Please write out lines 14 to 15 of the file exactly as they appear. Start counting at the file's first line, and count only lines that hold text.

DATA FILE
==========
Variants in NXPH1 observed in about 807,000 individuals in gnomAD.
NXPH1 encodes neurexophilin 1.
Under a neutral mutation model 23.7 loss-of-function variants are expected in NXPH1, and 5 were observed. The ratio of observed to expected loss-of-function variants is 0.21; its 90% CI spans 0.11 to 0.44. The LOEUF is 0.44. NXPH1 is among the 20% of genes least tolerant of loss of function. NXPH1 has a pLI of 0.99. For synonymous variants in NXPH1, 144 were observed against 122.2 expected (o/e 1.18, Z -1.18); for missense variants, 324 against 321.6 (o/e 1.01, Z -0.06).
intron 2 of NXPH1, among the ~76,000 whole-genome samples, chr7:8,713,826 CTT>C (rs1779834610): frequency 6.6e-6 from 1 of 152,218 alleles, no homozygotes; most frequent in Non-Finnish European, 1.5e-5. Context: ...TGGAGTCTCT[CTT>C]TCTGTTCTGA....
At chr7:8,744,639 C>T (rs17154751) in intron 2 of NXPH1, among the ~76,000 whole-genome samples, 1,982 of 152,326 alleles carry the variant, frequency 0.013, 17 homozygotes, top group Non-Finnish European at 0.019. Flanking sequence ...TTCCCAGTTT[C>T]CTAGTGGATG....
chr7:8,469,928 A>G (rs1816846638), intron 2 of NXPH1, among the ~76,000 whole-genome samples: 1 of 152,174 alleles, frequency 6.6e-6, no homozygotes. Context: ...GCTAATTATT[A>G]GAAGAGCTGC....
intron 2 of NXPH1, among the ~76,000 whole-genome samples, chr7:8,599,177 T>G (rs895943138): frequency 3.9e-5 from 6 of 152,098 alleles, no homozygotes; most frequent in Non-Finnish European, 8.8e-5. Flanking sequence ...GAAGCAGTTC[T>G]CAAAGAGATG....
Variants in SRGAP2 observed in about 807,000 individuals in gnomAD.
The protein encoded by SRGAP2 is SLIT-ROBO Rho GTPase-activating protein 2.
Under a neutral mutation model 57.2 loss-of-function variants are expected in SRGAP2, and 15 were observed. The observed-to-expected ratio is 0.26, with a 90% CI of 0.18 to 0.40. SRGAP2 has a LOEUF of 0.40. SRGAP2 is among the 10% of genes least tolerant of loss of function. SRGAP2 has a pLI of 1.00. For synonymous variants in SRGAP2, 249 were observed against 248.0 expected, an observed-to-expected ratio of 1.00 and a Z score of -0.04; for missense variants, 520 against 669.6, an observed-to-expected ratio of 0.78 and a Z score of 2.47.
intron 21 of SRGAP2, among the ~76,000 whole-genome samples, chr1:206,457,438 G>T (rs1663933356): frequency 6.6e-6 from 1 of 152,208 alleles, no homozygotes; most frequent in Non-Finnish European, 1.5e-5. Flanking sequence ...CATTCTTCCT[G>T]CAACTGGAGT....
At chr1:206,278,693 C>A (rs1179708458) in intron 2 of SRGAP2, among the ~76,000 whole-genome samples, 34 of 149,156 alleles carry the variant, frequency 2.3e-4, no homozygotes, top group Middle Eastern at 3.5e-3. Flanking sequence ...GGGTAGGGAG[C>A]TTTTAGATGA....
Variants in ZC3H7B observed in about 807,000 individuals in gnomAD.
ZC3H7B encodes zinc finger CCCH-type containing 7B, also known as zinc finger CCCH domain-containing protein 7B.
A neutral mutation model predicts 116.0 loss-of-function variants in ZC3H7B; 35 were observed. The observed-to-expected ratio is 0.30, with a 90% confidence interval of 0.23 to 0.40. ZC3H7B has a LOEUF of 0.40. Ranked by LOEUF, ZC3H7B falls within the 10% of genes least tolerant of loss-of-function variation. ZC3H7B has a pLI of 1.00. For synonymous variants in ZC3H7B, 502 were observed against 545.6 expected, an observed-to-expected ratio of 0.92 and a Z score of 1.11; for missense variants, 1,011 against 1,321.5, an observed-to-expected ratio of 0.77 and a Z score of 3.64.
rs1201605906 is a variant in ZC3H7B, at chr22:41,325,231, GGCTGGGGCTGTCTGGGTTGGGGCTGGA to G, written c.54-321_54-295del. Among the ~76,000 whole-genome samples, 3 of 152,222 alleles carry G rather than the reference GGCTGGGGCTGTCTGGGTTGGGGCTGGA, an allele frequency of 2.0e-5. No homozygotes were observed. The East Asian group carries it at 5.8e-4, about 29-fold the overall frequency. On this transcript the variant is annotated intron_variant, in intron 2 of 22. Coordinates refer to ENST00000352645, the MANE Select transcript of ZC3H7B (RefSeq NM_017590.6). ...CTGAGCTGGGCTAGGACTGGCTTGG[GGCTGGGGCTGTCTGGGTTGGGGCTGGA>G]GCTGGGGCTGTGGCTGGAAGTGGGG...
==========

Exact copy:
ZC3H7B encodes zinc finger CCCH-type containing 7B, also known as zinc finger CCCH domain-containing protein 7B.
A neutral mutation model predicts 116.0 loss-of-function variants in ZC3H7B; 35 were observed. The observed-to-expected ratio is 0.30, with a 90% confidence interval of 0.23 to 0.40. ZC3H7B has a LOEUF of 0.40. Ranked by LOEUF, ZC3H7B falls within the 10% of genes least tolerant of loss-of-function variation. ZC3H7B has a pLI of 1.00. For synonymous variants in ZC3H7B, 502 were observed against 545.6 expected, an observed-to-expected ratio of 0.92 and a Z score of 1.11; for missense variants, 1,011 against 1,321.5, an observed-to-expected ratio of 0.77 and a Z score of 3.64.